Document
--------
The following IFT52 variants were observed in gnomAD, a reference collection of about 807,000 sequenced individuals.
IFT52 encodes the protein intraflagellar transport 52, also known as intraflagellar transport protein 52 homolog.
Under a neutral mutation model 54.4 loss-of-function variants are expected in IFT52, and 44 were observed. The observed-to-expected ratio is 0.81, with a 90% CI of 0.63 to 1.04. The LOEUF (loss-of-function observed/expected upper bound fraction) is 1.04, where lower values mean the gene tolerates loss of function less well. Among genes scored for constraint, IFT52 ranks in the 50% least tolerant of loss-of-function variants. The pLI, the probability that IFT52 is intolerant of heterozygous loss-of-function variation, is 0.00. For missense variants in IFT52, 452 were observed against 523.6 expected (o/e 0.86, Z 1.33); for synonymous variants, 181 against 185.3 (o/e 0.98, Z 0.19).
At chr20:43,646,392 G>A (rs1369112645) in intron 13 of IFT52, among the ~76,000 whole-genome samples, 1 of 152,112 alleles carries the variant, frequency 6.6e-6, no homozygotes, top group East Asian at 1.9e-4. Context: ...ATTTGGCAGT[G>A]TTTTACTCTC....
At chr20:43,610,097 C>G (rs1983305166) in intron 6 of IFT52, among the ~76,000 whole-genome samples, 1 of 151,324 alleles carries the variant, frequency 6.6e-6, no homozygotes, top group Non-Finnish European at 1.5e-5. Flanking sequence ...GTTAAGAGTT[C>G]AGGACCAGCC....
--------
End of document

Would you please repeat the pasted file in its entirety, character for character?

The following IFT52 variants were observed in gnomAD, a reference collection of about 807,000 sequenced individuals.
IFT52 encodes the protein intraflagellar transport 52, also known as intraflagellar transport protein 52 homolog.
Under a neutral mutation model 54.4 loss-of-function variants are expected in IFT52, and 44 were observed. The observed-to-expected ratio is 0.81, with a 90% CI of 0.63 to 1.04. The LOEUF (loss-of-function observed/expected upper bound fraction) is 1.04, where lower values mean the gene tolerates loss of function less well. Among genes scored for constraint, IFT52 ranks in the 50% least tolerant of loss-of-function variants. The pLI, the probability that IFT52 is intolerant of heterozygous loss-of-function variation, is 0.00. For missense variants in IFT52, 452 were observed against 523.6 expected (o/e 0.86, Z 1.33); for synonymous variants, 181 against 185.3 (o/e 0.98, Z 0.19).
At chr20:43,646,392 G>A (rs1369112645) in intron 13 of IFT52, among the ~76,000 whole-genome samples, 1 of 152,112 alleles carries the variant, frequency 6.6e-6, no homozygotes, top group East Asian at 1.9e-4. Context: ...ATTTGGCAGT[G>A]TTTTACTCTC....
At chr20:43,610,097 C>G (rs1983305166) in intron 6 of IFT52, among the ~76,000 whole-genome samples, 1 of 151,324 alleles carries the variant, frequency 6.6e-6, no homozygotes, top group Non-Finnish European at 1.5e-5. Flanking sequence ...GTTAAGAGTT[C>G]AGGACCAGCC....